If you are one of the millions hitting ‘Uninstall’ on the Facebook-owned messaging app, here are some alternatives, with their privacy policies explained
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On January 9, WhatsApp Head Will Cathcart tweeted that this policy is purely for business communication, rather than private. Still, before the new terms of service are set to take effect on February 8, WhatsApp and Messenger users alike are flocking to other apps, both out of fear of misuse of their data, and as a virtual protest against Facebook.
What are people looking for in these alternative apps? Encryption, an important buzzword across communication apps, converts data to an unintelligible form called ciphertext; decrypting the ciphertext converts the data back into its original form, called plaintext. Many of these apps feature AES methods which, according to a National Institute of Standards and Technology report, is the use of “cryptographic keys of 128, 192, and 256 bits to encrypt and decrypt data in blocks of 128 bits.”
Here are some alternatives, if you’re keen:
Fast approaching 500 million users, Telegram observed a growth of more than 2.2 million users in the last week alone due to the WhatsApp purge. Unlike WhatsApp, Telegram is a cloud-based messenger with seamless sync across several devices at once.
The messaging app comprises two layers of secure encryption. Server-client encryption is used in Cloud Chats (private and group chats), while the platform’s Secret Chats use an additional layer of client-client encryption. “All data, regardless of type, is encrypted in the same way — be it text, media or files,” says the platform’s official website, adding, “Our encryption is based on 256-bit symmetric AES encryption, 2048-bit RSA encryption, and Diffie–Hellman secure key exchange [a method of securely exchanging cryptographic keys over a public channel].”
They also add, “Big Internet companies like Facebook or Google have effectively hijacked the privacy discourse in the recent years. Their marketers managed to convince the public that the most important things about privacy are superficial tools that allow hiding your public posts from the people around you. Adding these superficial tools enables companies to calm down the public and change nothing in how they are turning over private data to marketers and other third parties.”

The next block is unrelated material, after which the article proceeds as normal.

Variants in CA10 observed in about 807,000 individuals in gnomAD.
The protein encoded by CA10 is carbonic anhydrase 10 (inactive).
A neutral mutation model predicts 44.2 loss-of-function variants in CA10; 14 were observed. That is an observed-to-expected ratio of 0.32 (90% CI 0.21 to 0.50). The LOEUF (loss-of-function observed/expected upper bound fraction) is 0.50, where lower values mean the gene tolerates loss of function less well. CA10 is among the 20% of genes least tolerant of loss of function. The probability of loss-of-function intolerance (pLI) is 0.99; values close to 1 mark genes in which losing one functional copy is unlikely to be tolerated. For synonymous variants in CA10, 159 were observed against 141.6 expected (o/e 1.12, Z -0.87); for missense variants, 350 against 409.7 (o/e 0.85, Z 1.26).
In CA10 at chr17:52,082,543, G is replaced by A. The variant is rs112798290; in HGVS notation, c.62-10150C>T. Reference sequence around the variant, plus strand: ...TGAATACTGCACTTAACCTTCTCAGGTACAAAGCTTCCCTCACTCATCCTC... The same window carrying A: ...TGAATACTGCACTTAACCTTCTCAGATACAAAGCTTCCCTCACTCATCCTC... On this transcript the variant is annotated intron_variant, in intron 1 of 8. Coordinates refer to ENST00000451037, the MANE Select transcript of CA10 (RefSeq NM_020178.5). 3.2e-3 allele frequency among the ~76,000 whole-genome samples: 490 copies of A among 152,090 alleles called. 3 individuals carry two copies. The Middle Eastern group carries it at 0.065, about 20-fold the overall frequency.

If you are going to use Signal, be vigilant of their third-party sharing policy and which apps you link with this app: “Our third-party Providers send a verification code to your phone number when you register for our services. These providers are bound by their privacy policies to safeguard that information. If you use other Third-Party Services like YouTube, Spotify, Giphy, etc. in connection with our services, their terms and privacy policies govern your use of those services.”
An under-discussed app more favoured in the West, Spike, is becoming a choice alternative here in India. Like most apps, they emphasise, “We store only the minimum data needed to provide you with the fastest experience possible… We do not rent, sell, distribute or monetise on your data to anyone. There are no ads on Spike either.” However, the personal data they store includes the data shared with the platform when you register for an account including payment information, postal address, date of birth, full name.
However, some potential users may not sit well with the fact that Spike “periodically collects your device number or IP address (the location of your device on the Internet), tracks your geographic location, monitors installation and online behavioural information recorded during user sessions and technical data and related information (including but not limited to technical information about your device, applications installed on it, its operating system and your operator).” They also, however, have a strict minors policy, too: “We do not knowingly collect or solicit personal information from anyone under the age of 13. If we learn that we have collected personal information from a child under age 13, we will delete that information as quickly as possible.”
This platform comes with a variety of payment plans, the basic one being free with a limit of 15,000 messages.
Session does not require your name, phone number or email ID. The makers of the app — Oxen, backed by The Loki Foundation, an Australian non-profit tech group — claim that your messaging activities will leave no digital trail. The app creates a Sessions ID, which you need to share with the person in the contact to start chatting. Private group chats for up to 20 people are possible.
Photos, voice snippets and other files can be shared. Session does not collect any geolocation data, metadata, or any other data about the device or network. The app encrypts your messages using the Session Protocol, a cutting-edge end-to-end encryption protocol built on libsodium, a highly-audited and widely trusted cryptographic library.
It is available for Android phones, iPhones and desktops.
As of January 9, Threema was the top paid app in Play Store’s communication category. Available for ₹270, the app allows text and voice messages, voice and video calls, file-sharing and group chats — all encrypted. You can also use the built-in poll feature in group chats. Each Threema user receives a random Threema ID for identification — phone number or email are not required.
You can even use the app on desktops and tablets (without SIM cards). The app, which employs the tried and tested open-source cryptography library NaCl for its encryption, became popular, especially in Germany, after Edward Snowden, in 2013, released documents on surveillance. There aren’t many design themes to choose from; otherwise, the app promises top-notch security and privacy for the price you pay.